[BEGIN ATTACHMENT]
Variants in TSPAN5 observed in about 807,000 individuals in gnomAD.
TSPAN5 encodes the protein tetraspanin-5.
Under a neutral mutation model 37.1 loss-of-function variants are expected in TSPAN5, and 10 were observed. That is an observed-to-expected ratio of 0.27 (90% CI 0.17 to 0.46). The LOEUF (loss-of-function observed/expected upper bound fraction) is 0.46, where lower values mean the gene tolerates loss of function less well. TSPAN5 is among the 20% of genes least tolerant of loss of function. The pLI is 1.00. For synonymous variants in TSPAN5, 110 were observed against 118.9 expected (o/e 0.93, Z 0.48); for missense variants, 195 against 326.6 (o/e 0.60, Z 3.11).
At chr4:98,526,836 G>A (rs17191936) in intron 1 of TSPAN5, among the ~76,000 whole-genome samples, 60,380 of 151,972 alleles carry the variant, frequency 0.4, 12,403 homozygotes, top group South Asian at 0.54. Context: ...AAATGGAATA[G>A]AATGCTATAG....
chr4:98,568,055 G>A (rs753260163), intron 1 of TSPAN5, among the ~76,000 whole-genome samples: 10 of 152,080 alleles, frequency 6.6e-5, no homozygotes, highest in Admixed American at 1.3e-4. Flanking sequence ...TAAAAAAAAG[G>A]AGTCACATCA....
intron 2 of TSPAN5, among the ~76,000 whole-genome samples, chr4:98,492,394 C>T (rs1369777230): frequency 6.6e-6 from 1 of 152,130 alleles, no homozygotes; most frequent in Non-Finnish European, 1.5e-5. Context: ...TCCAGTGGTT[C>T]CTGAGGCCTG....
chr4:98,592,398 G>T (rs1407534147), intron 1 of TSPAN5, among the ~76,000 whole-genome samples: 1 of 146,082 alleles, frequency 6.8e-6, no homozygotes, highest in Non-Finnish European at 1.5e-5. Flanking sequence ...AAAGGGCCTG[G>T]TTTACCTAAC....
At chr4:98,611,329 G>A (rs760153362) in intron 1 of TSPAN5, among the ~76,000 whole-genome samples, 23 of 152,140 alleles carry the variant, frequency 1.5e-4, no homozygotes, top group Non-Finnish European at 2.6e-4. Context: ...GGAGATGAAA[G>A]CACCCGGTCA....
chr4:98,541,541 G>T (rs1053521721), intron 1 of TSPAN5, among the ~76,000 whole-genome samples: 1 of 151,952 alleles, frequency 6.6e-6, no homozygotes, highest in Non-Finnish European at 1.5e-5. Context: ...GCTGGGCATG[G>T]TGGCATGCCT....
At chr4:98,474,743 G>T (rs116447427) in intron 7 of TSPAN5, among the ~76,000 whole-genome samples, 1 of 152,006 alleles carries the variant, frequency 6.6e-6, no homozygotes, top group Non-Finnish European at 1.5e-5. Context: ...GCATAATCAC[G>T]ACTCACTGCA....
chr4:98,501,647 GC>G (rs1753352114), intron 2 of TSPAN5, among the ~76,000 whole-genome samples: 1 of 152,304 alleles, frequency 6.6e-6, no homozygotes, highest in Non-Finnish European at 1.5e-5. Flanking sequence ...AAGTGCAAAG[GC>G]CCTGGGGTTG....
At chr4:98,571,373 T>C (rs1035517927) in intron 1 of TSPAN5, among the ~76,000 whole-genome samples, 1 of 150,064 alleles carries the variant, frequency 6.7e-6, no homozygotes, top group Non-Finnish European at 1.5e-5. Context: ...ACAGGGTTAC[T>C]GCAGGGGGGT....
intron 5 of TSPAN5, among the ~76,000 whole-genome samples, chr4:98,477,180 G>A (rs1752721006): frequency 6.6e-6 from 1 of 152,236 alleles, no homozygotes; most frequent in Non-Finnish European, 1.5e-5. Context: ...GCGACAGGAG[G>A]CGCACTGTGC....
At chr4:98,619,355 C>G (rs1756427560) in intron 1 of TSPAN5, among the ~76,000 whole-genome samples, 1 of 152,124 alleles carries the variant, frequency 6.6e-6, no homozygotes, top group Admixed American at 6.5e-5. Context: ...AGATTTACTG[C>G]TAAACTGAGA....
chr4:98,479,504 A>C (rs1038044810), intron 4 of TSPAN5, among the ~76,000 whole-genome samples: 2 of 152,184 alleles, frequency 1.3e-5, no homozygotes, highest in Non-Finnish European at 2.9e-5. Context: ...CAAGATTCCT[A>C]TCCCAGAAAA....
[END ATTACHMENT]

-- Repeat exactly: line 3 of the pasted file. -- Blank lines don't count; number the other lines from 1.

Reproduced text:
Under a neutral mutation model 37.1 loss-of-function variants are expected in TSPAN5, and 10 were observed. That is an observed-to-expected ratio of 0.27 (90% CI 0.17 to 0.46). The LOEUF (loss-of-function observed/expected upper bound fraction) is 0.46, where lower values mean the gene tolerates loss of function less well. TSPAN5 is among the 20% of genes least tolerant of loss of function. The pLI is 1.00. For synonymous variants in TSPAN5, 110 were observed against 118.9 expected (o/e 0.93, Z 0.48); for missense variants, 195 against 326.6 (o/e 0.60, Z 3.11).